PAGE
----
The Asia Miner

OCT-DEC 2015

The ASIA Miner - Reporting Important Issues to Mining Companies in the Asia Pacific Region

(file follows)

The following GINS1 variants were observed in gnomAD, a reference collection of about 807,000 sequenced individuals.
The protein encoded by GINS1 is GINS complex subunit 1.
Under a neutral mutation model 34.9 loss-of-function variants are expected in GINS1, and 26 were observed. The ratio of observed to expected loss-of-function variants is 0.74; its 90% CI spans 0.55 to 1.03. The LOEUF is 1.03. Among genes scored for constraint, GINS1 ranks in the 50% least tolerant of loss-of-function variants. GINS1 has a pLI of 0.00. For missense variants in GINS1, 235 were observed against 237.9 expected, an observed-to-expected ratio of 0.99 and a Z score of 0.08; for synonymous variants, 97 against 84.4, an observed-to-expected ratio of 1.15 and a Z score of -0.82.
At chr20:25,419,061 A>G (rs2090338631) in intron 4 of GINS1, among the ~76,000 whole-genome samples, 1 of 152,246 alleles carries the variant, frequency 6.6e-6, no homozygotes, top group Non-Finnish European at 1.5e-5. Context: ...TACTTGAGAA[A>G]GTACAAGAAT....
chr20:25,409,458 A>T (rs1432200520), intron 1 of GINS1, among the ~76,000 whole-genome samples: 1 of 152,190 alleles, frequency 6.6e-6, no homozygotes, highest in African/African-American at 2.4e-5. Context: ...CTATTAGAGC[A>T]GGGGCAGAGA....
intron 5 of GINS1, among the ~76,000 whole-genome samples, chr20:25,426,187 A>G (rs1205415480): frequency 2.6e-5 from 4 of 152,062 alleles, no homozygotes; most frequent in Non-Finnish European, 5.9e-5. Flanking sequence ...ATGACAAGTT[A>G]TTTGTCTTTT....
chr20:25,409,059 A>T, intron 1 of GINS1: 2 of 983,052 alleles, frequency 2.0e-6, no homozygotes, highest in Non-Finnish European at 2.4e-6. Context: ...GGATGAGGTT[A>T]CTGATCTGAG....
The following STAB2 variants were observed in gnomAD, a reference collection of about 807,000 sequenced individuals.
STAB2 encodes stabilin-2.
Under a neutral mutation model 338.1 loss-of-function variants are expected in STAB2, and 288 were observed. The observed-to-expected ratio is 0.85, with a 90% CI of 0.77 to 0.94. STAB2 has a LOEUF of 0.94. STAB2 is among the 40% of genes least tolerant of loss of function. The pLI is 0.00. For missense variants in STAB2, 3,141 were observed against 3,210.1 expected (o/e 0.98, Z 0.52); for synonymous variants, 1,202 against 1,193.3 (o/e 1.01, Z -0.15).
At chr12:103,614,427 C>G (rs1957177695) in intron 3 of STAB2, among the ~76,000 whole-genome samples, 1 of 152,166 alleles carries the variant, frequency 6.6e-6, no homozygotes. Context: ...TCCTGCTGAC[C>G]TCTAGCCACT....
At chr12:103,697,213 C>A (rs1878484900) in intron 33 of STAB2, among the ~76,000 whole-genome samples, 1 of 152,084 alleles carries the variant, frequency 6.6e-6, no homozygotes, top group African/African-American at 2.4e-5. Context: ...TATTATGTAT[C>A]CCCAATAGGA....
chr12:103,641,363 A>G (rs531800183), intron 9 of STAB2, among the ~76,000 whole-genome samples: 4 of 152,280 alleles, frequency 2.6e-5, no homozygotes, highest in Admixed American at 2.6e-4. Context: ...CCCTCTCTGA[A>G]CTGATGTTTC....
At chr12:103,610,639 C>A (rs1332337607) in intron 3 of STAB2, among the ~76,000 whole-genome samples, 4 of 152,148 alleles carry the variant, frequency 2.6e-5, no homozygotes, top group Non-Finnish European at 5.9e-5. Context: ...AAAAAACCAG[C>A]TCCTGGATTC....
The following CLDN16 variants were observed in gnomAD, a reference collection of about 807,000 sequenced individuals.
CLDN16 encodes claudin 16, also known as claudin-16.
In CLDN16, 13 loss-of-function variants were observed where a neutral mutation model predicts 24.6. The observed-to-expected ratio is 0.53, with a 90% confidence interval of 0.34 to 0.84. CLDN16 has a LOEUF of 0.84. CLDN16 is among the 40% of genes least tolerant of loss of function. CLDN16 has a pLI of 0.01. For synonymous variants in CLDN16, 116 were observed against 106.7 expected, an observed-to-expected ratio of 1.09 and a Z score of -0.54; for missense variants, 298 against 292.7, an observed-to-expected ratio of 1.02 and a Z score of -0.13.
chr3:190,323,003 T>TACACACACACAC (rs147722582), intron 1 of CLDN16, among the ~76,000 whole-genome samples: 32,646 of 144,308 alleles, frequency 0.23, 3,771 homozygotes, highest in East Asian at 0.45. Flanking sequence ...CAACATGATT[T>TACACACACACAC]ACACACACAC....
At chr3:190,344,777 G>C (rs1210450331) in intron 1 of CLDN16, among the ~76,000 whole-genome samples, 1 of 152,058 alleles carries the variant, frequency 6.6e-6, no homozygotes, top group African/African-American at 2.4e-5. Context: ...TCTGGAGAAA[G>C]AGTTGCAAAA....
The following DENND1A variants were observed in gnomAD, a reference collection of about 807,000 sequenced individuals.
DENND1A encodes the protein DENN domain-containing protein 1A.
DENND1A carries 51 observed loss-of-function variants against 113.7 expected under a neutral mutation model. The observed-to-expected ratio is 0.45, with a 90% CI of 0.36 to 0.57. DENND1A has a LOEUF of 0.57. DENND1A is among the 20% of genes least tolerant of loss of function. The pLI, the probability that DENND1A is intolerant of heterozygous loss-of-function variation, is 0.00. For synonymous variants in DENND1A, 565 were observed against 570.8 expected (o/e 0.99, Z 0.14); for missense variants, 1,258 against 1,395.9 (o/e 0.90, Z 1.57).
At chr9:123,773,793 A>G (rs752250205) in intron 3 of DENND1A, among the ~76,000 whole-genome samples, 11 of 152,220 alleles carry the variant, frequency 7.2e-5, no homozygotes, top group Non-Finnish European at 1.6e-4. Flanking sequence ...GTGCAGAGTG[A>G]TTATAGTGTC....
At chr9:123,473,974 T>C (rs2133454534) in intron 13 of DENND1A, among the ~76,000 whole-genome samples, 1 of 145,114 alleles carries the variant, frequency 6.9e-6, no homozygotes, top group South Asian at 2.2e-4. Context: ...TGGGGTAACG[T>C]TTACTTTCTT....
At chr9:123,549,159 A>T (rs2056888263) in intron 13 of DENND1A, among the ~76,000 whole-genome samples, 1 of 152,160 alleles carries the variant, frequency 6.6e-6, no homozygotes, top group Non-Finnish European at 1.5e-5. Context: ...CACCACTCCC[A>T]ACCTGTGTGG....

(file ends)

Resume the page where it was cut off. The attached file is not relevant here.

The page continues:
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10 | ASIA Miner | October-December 2015 CHINESE steel market participants expected new steel orders during September to stay at similar levels to August, although prices were predicted to soften slightly, according to the Platts China Steel Sentiment Index (CSSI), which showed a headline reading of 55.64 out of a possible 100 points in September. The September index rose just 0.45 points from August's 55.19, and was the second consecutive month the CSSI has stayed above the 50 threshold. A fgure greater than 50 indicates expecta- tions of an increase. According to Platts, the outlook for new domestic steel orders increased by 1.35 points to 58.33, while export order expectations for the month deteriorated by 10.09 points to 24.48. The CSSI rebounded strongly in August on the back of improved ex- pectations for domestic demand. It showed a headline reading of 55.1 out of a possible 100. The index rose 28.6 points from July's 26.5, giving a reading above the 50 threshold for the frst time since May. Crude steel production was expected to stay relatively fat in Sep- tember, compared with August, while steel inventories held by trad- ers were expected to rise further in response to weak demand. Prices of fat steel products, such as hot rolled coil, were expected to weaken slightly in September, the CSSI showed. Sentiment is more positive regarding domestic demand, while expectations for export orders fell 10.09 points in September to 24.48. "Generally, market sentiment remains extremely pessimistic with domestic steel prices at record lows, while demand from the man- ufacturing and property construction sectors has yet to improve," said Platts' managing editor of steel and steel raw materials Paul Bartholomew. "Exports have provided a vital outlet for Chinese steel but there is now so much competition for overseas markets that it is pulling export prices down and eroding confdence." CSSI refects expectations of market participants for the month ahead. It is based on a survey of approximately 50 to 75 China-based market participants including traders, stockists and steel mill operators. "Normally, you would expect a positive rebound for steel demand as the weather cools and construction activity picks up, particularly after the work stoppages around Beijing for the Victory Day parade and World Athletics Championship," Paul Bartholomew said. "How- ever, survey respondents did not envisage any signifcant improve- ment in the coming month." Separate to the CSSI, the average monthly price in August for China export hot rolled coil was $306.21 per tonne free on board (FOB) China, down 2.7% from $314.98 in July. THE mining sector shows early signs of adjustment to future con- ditions underpinned by signs of stabilizing prices over the next 12 months, but is exercising even greater caution in the operations of their businesses, according to industry leaders interviewed in the Mining Business Outlook Report released by Newport Consulting. Last year the report found a fve-year low in the sector's conf- dence but this year leaders show signs of accepting tough market conditions. They have recalibrated and refocused, some resorting to an unprecedented scale of investment cutbacks and job redun- dancies as they focus on being globally competitive. The report confrms green shoots appearing after a long chill in the sector with 16% of the mining leaders interviewed cautiously optimistic about their growth prospects for the next 12 months – up more than double on last year's fgures. Leaders showing no signs of optimism dropped from 93 to 84%. Despite a slight shift in confdence, miners are not spending or in- vesting over the next 12 months. The report fnds an overwhelming 78% of leaders reducing Capex spend – up from 44% last year. In 2013, the report found 81% of mining leaders moderately or signif- cantly increasing spend. This stark difference suggests that even if there are signs of a recovery, it is early stages and will be slow. Newport Consulting managing director David Hand says, "Min- ers are doing it tough but for the frst time in three years there are green shoots, a ficker of life in the sector. They are fghting back to remain competitive. Some are reducing the number of mines operating as they focus on becoming more effcient and productive while they wage war against the tough economics of doing business in Australia." Leaders are challenged currently by productivity (32%), remaining competitive (17%), regulations, tax and unions (14%) and volatile commodity prices (14%). The opportunities for the next 12 months are in consolidation of operations, cost-cutting, improved produc- tivity and a greater focus on the customer. The annual report traditionally concludes with advice to the Feder- al Government from the leaders interviewed. This year the message is simple: 'We are doing all we can – you need to work with us to make the difference required.' Miners want to see reformative action taken in the areas of industrial relations and unions. The report, conducted annually since 2010 by operational man- agement consultancy Newport Consulting, canvasses the views of Australia's mining leaders. It draws on in-depth interviews held between April and June 2015 with 50 mining leaders from a broad range of private and publicly listed companies. The report serves as an independent pulse-check of Australia's mining industry. China Steel Sentiment Index stabilizes Flicker of life in mining sector

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